A study by the Lewin Group for the National Institute on Drug Abuse estimated the total economic cost of alcohol and drug abuse in the U.S. was $245.7 billion for 1992. ("NIDA InfoFacts" 2005) This includes productivity losses (losses from premature death, drug abuse-related illnesses), health costs, and other, primarily crime-related, costs such as losses due to incarceration and criminal careers. If we consider a hypothetical case in which we prevent all alcohol and drug abuse in the United States, we would theoretically save $245.6 billion.
On the other hand,…
"Alcohol and Drug Services Study (ADSS) Cost Study." (2004). The DASIS Report. U.S. Department of Health and Human Services. Retrieved on August 27, 2005 from http://oas.samhsa.gov/2k4/costs/costs.htm
'NIDA InfoFacts: Costs to Society." (2005) National Institute on Drug Abuse. Retrieved on August 27, 2005 from http://www.nida.nih.gov/infofacts/costs.html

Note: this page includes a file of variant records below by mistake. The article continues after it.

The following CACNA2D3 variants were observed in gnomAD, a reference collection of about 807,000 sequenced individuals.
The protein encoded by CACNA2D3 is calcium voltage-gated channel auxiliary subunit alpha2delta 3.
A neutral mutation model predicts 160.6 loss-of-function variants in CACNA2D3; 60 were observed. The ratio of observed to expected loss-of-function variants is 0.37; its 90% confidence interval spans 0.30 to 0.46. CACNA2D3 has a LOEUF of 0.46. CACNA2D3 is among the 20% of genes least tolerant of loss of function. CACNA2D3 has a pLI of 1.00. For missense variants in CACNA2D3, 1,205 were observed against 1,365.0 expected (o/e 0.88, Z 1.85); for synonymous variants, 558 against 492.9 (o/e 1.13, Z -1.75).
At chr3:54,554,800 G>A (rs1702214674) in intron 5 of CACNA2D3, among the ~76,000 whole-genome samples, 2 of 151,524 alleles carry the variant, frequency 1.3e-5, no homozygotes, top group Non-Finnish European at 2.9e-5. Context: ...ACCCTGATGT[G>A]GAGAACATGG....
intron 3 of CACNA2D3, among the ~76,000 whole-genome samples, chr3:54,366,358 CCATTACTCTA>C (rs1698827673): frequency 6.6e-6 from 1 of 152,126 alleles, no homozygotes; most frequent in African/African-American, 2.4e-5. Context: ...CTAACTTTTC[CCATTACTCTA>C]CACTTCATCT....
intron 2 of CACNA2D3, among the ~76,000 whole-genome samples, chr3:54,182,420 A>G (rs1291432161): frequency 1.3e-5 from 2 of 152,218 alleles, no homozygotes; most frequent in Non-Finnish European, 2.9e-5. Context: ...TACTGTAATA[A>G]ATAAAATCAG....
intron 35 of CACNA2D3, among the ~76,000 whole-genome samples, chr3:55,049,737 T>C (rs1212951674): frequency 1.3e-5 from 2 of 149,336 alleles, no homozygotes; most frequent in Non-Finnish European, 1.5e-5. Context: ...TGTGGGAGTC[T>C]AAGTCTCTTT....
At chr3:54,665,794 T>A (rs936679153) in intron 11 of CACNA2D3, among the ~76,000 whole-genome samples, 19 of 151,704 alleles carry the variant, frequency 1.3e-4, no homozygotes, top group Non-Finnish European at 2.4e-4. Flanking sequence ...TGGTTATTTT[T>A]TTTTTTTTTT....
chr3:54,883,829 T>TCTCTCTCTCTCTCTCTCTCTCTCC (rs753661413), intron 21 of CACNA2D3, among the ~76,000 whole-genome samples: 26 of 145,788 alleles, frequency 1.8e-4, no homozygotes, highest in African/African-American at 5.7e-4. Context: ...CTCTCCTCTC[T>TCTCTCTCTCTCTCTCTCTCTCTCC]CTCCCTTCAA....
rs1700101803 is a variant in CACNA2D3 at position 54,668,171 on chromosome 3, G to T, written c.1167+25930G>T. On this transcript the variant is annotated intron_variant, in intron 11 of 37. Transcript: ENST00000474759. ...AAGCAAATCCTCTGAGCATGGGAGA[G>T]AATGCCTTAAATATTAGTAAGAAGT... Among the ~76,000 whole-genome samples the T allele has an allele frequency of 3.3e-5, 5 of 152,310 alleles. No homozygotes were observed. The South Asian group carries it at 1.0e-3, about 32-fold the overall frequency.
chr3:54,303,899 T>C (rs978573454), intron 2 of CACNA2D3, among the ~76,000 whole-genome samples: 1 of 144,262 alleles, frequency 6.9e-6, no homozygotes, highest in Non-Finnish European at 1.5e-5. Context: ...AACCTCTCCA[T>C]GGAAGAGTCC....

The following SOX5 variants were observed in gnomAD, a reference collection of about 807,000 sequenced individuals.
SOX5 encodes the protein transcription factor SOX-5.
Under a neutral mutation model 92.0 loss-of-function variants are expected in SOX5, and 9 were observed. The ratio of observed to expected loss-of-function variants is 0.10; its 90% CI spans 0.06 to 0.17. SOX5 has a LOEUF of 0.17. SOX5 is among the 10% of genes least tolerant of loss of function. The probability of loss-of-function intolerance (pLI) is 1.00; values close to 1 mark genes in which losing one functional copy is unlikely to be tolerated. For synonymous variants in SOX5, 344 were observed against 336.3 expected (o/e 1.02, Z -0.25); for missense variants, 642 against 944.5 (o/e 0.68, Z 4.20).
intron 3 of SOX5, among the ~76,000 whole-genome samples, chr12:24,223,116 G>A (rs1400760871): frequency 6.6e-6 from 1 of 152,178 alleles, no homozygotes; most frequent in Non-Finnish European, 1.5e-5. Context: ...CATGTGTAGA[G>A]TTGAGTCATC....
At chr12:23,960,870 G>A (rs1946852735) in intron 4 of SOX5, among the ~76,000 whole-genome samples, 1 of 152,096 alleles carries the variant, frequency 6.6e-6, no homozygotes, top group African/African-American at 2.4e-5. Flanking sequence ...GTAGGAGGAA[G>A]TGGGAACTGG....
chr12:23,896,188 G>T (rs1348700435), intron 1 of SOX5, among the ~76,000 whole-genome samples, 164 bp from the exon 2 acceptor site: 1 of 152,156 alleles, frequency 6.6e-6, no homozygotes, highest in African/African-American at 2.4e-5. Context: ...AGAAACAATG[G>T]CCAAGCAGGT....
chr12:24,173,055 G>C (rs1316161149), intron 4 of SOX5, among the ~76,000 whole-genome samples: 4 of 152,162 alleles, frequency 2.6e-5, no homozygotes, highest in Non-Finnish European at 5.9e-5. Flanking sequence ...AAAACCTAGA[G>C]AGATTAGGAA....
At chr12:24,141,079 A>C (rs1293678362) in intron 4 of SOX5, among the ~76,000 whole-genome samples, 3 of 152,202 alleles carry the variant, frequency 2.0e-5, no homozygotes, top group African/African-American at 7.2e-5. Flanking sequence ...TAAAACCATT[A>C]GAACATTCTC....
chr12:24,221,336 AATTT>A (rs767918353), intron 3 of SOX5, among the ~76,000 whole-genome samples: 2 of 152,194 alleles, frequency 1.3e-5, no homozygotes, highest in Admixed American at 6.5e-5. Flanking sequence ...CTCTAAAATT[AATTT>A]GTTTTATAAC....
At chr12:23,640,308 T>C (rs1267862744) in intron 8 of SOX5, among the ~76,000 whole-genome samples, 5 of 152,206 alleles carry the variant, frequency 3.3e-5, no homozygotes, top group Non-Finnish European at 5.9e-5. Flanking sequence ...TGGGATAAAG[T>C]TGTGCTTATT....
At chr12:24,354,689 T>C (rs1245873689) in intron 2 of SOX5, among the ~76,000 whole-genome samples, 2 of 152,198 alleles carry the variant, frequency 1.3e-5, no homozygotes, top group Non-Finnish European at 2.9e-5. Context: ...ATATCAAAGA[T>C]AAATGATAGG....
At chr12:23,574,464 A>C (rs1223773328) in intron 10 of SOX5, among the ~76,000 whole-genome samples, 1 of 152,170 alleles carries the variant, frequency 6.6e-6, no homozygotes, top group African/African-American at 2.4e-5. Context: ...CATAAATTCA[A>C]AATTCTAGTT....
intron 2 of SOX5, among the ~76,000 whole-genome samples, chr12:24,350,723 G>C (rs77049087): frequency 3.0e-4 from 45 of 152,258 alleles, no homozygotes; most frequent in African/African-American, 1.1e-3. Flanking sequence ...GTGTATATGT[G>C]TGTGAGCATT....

Keen, Judy. "Bush Plans Hit on Drug Abuse" (2002). USA Today. Retrieved on August 27, 2005 from http://www.usatoday.com/educate/ondcp/lessons/Activity5.pdf
The 1992 cost estimate had increased 50% over the cost estimate from 1985; hence the current economic cost due to drug abuse must be much higher.
The agents then formalize a data which helps them to stop the drug trafficking in future. By the end of year 1968, America's counter culture movement was at its peak and the trend of illegal drug use for the recreational purposes was rising. That was an alarming situation and then the President Lyndon Johnson introduced a legislation that ultimately combined the BDAC and Bureau of Narcotics into a single entity: Bureau of Narcotics and Dangerous Drugs under the department of Justice (Kleiman & Hawdon, 2011).